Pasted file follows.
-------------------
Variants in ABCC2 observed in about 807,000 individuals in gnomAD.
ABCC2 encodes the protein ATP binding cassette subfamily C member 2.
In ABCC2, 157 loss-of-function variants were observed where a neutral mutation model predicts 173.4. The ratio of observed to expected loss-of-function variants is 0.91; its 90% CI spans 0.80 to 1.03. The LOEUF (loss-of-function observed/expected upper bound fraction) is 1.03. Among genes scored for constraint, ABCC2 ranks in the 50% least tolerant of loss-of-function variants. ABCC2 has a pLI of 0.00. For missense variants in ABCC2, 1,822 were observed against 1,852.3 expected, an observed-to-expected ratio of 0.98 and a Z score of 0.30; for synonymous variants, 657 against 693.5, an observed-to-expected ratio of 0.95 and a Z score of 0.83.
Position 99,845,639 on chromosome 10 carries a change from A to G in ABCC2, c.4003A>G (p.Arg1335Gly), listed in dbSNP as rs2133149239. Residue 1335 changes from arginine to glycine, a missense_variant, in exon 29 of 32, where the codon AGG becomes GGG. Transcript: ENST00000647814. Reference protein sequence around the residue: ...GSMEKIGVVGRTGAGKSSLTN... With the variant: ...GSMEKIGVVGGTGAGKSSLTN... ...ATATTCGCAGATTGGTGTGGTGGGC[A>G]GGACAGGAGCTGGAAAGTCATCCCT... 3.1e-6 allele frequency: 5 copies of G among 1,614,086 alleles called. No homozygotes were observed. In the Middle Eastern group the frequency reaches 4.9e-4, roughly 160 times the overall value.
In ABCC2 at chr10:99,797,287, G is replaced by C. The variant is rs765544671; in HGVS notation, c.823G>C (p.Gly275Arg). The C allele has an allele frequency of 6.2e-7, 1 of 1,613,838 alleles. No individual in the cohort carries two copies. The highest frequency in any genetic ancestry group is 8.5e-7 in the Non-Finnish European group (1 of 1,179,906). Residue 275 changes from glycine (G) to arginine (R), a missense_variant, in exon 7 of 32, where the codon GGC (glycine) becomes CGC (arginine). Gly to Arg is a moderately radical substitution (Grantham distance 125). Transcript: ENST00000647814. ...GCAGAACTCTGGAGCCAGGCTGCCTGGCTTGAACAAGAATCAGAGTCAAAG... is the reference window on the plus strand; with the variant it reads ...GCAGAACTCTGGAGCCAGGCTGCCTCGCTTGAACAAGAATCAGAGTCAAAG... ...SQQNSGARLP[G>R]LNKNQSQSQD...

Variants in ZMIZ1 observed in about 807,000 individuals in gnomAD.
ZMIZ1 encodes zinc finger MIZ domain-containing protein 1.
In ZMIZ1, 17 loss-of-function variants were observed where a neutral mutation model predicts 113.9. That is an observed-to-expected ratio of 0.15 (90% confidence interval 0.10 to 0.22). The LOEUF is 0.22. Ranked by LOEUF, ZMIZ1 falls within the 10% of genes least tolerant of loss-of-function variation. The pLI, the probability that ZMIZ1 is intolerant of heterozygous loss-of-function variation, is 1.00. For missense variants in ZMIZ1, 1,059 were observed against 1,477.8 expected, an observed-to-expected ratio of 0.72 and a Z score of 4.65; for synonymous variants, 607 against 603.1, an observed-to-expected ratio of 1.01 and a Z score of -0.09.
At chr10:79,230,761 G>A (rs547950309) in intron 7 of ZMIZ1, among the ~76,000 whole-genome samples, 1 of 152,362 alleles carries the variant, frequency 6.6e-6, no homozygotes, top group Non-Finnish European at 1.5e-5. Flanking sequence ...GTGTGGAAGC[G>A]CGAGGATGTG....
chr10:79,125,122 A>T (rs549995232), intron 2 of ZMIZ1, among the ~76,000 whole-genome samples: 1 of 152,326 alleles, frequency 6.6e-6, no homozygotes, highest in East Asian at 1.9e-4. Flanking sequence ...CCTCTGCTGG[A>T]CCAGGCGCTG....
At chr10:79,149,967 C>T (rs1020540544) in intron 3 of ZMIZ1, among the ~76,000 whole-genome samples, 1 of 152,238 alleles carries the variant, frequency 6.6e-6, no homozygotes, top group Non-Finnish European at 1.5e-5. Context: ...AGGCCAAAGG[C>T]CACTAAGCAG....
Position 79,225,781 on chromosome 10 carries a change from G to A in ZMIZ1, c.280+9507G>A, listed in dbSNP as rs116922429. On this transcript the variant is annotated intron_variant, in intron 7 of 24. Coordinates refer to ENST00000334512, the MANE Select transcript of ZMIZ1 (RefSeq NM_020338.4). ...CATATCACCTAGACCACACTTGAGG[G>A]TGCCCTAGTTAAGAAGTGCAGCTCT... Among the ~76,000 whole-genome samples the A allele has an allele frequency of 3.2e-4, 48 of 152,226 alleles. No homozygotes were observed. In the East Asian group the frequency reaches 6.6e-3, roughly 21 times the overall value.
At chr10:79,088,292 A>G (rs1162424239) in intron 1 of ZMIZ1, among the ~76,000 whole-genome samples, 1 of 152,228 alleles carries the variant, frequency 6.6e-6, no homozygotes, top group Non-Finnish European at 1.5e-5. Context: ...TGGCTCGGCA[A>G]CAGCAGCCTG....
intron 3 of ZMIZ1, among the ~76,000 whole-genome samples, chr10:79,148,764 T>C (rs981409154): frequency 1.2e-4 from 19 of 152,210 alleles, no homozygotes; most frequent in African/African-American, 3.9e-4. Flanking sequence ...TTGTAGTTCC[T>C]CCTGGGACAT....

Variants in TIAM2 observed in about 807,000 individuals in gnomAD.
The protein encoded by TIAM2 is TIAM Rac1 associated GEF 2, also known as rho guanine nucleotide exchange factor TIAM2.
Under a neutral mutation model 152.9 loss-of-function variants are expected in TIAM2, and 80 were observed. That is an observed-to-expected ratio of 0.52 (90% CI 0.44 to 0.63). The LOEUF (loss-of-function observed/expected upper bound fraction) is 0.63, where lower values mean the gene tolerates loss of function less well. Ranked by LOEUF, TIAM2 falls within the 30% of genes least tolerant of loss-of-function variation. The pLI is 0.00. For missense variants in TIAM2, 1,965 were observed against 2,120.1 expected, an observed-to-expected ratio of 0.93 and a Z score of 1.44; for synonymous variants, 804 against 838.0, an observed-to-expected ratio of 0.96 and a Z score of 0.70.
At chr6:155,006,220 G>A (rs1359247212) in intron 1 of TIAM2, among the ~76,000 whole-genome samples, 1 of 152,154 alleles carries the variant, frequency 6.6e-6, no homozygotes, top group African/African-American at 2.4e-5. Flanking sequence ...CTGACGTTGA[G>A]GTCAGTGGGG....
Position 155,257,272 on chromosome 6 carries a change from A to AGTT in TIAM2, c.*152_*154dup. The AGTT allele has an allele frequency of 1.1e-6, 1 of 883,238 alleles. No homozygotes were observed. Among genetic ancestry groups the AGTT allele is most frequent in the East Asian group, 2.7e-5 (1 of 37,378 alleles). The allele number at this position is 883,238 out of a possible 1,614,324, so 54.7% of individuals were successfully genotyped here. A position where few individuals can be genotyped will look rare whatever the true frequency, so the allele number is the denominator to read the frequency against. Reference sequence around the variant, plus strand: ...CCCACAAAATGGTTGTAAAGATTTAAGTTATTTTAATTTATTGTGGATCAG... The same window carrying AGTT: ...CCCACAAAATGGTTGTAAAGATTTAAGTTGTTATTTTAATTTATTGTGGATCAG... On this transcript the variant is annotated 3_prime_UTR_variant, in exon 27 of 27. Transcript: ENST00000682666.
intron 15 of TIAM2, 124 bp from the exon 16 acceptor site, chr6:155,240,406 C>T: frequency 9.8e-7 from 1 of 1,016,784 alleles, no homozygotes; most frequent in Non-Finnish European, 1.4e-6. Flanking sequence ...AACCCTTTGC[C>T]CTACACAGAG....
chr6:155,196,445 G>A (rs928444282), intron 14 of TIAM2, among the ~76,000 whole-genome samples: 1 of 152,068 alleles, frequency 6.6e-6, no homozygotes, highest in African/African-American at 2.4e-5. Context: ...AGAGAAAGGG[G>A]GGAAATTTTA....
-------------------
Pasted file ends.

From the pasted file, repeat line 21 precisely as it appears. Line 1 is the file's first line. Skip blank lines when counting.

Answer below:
chr6:155,196,445 G>A (rs928444282), intron 14 of TIAM2, among the ~76,000 whole-genome samples: 1 of 152,068 alleles, frequency 6.6e-6, no homozygotes, highest in African/African-American at 2.4e-5. Context: ...AGAGAAAGGG[G>A]GGAAATTTTA....